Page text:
The Orphanage

The Orphanage

Film review by: Witney Seibold

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            The “creepy child” cliché has been used so often in horror films that even classics like “The Bad Seed,” “Village of the Damned,” and even “The Omen” have started to lose their power upon repeat viewings. The new Spanish thriller “The Orphanage,” from director Juan Antonio Bayona, has its share of tiresome giggly faceless children darting through the shadows, and focuses on a wheezing tyke with a creepy burlap sack over his head, but is mercifully skilled enough to keep its atmosphere thick, and its story lively.

            Laura (Belén Rueda) lives in the orphanage where she grew up with her husband (Fernando Cayo) and adopted son Simón (Roger Pricep). She is trying to reopen the place as an orphanage, remembering the place with fondness; she can even remember all her old friends by name. Simón, meanwhile, often talks to imaginary friends, and has a tendency to play complicated impromptu scavenger hunt games. Simón, by the way, doesn’t know that he’s adopted. When Simón goes missing at the orphanage’s grand opening, Laura breaks down and, as part of her investigation into finding him, starts discovering some unpleasant truths about her childhood home. Does the oft-sighted wheezing masked child have something to do with it? As they used to say on “Laugh In,” you bet your sweet bippy. There are more twists and turns that I will not reveal, but none of them are outrageous. In fact, some of them are downright creative.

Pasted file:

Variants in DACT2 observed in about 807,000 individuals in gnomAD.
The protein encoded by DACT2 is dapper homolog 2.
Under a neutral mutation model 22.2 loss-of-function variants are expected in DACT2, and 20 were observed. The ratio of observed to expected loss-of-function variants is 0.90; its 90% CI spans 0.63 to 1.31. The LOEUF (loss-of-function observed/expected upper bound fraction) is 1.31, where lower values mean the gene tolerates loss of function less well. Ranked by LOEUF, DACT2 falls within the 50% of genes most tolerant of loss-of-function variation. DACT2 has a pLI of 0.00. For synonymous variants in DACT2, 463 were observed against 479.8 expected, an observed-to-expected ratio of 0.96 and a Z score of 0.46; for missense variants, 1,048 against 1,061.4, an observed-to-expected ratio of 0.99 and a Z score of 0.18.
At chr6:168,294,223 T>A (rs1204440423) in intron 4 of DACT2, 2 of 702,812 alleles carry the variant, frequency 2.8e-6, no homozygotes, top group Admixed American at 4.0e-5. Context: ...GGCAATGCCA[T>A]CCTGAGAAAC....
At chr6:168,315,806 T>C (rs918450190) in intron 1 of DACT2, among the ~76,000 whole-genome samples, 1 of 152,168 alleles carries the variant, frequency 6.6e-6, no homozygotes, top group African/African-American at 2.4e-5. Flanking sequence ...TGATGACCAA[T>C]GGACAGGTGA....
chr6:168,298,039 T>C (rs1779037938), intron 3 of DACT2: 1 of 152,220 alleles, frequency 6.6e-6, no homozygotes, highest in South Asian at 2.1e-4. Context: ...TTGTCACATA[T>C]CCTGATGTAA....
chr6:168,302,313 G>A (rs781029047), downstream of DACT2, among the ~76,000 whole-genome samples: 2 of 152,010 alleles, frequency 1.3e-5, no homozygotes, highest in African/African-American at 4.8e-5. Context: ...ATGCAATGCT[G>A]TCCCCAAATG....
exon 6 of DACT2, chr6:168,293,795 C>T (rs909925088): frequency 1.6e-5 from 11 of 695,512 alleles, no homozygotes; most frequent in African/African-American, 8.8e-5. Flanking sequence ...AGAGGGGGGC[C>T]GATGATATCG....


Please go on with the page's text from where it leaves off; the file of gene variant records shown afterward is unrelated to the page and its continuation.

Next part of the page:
All one can really ask for in a cheapie horror film these days is one or two decent scares, acting that only slightly reaches into average, and a premise that is either original, or does something banal in an interesting way. “The Orphanage” has rather good acting, especially from Rueda who is asked to do more than scream and reach menacingly slowly for doorknobs. The premise is indeed banal (it’s pretty much just a haunted house story), but does indeed do it in an interesting way. And the scares come unexpectedly and effectively. In short, it is a good horror film. Rather than just showing us a creepy child, and blandly stating What Happened in the Woodshed, it bothers to ask questions about maternity, responsibility, and one’s complicity in past sins.

             Sometimes a ghost story will, as it progresses, throw away all semblance of reality, and give us a creepy phantasmagoria of unconnected images, hoping that abstraction can cover the fact that no story or groundrules have been set. “The Orphanage” skirts dangerous close to this practice, but never succumbs. Its ticks to its rules, and everything remains clear. Especially through an effective sequence involving visiting psychics. It’s reminiscent of another Spanish-directed horror film of recent years, “The Others.” That’s not an unflattering comparison.

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Published in: on January 24, 2008 at 9:47 pm  Leave a Comment  

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